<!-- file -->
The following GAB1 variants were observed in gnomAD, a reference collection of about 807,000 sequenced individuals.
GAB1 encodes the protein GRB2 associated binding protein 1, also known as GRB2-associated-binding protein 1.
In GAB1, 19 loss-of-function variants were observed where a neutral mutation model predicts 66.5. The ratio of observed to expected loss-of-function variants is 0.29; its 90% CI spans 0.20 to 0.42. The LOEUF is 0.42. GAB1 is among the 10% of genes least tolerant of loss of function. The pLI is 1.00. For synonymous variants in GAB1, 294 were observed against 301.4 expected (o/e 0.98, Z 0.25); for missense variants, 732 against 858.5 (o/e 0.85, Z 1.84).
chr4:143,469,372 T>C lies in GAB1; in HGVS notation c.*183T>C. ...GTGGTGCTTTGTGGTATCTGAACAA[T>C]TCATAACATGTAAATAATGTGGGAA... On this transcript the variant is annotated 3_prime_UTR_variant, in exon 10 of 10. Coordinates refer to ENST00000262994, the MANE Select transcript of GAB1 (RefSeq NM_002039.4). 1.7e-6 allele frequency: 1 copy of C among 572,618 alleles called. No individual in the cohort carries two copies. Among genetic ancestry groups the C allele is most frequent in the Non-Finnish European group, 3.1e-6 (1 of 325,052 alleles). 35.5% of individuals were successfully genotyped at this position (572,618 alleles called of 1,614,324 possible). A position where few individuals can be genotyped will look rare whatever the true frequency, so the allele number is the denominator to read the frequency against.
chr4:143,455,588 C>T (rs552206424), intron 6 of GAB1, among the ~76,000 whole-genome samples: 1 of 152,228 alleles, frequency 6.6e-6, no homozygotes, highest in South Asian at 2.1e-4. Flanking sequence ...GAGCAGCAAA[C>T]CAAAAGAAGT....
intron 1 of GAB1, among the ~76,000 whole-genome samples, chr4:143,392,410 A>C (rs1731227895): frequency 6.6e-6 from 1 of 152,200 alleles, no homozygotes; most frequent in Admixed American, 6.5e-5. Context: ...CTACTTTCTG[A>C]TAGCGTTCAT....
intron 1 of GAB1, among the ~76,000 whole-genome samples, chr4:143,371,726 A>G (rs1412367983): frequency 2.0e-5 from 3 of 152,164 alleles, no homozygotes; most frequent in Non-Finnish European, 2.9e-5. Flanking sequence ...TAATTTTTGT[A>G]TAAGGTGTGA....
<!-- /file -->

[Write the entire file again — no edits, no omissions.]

The following GAB1 variants were observed in gnomAD, a reference collection of about 807,000 sequenced individuals.
GAB1 encodes the protein GRB2 associated binding protein 1, also known as GRB2-associated-binding protein 1.
In GAB1, 19 loss-of-function variants were observed where a neutral mutation model predicts 66.5. The ratio of observed to expected loss-of-function variants is 0.29; its 90% CI spans 0.20 to 0.42. The LOEUF is 0.42. GAB1 is among the 10% of genes least tolerant of loss of function. The pLI is 1.00. For synonymous variants in GAB1, 294 were observed against 301.4 expected (o/e 0.98, Z 0.25); for missense variants, 732 against 858.5 (o/e 0.85, Z 1.84).
chr4:143,469,372 T>C lies in GAB1; in HGVS notation c.*183T>C. ...GTGGTGCTTTGTGGTATCTGAACAA[T>C]TCATAACATGTAAATAATGTGGGAA... On this transcript the variant is annotated 3_prime_UTR_variant, in exon 10 of 10. Coordinates refer to ENST00000262994, the MANE Select transcript of GAB1 (RefSeq NM_002039.4). 1.7e-6 allele frequency: 1 copy of C among 572,618 alleles called. No individual in the cohort carries two copies. Among genetic ancestry groups the C allele is most frequent in the Non-Finnish European group, 3.1e-6 (1 of 325,052 alleles). 35.5% of individuals were successfully genotyped at this position (572,618 alleles called of 1,614,324 possible). A position where few individuals can be genotyped will look rare whatever the true frequency, so the allele number is the denominator to read the frequency against.
chr4:143,455,588 C>T (rs552206424), intron 6 of GAB1, among the ~76,000 whole-genome samples: 1 of 152,228 alleles, frequency 6.6e-6, no homozygotes, highest in South Asian at 2.1e-4. Flanking sequence ...GAGCAGCAAA[C>T]CAAAAGAAGT....
intron 1 of GAB1, among the ~76,000 whole-genome samples, chr4:143,392,410 A>C (rs1731227895): frequency 6.6e-6 from 1 of 152,200 alleles, no homozygotes; most frequent in Admixed American, 6.5e-5. Context: ...CTACTTTCTG[A>C]TAGCGTTCAT....
intron 1 of GAB1, among the ~76,000 whole-genome samples, chr4:143,371,726 A>G (rs1412367983): frequency 2.0e-5 from 3 of 152,164 alleles, no homozygotes; most frequent in Non-Finnish European, 2.9e-5. Flanking sequence ...TAATTTTTGT[A>G]TAAGGTGTGA....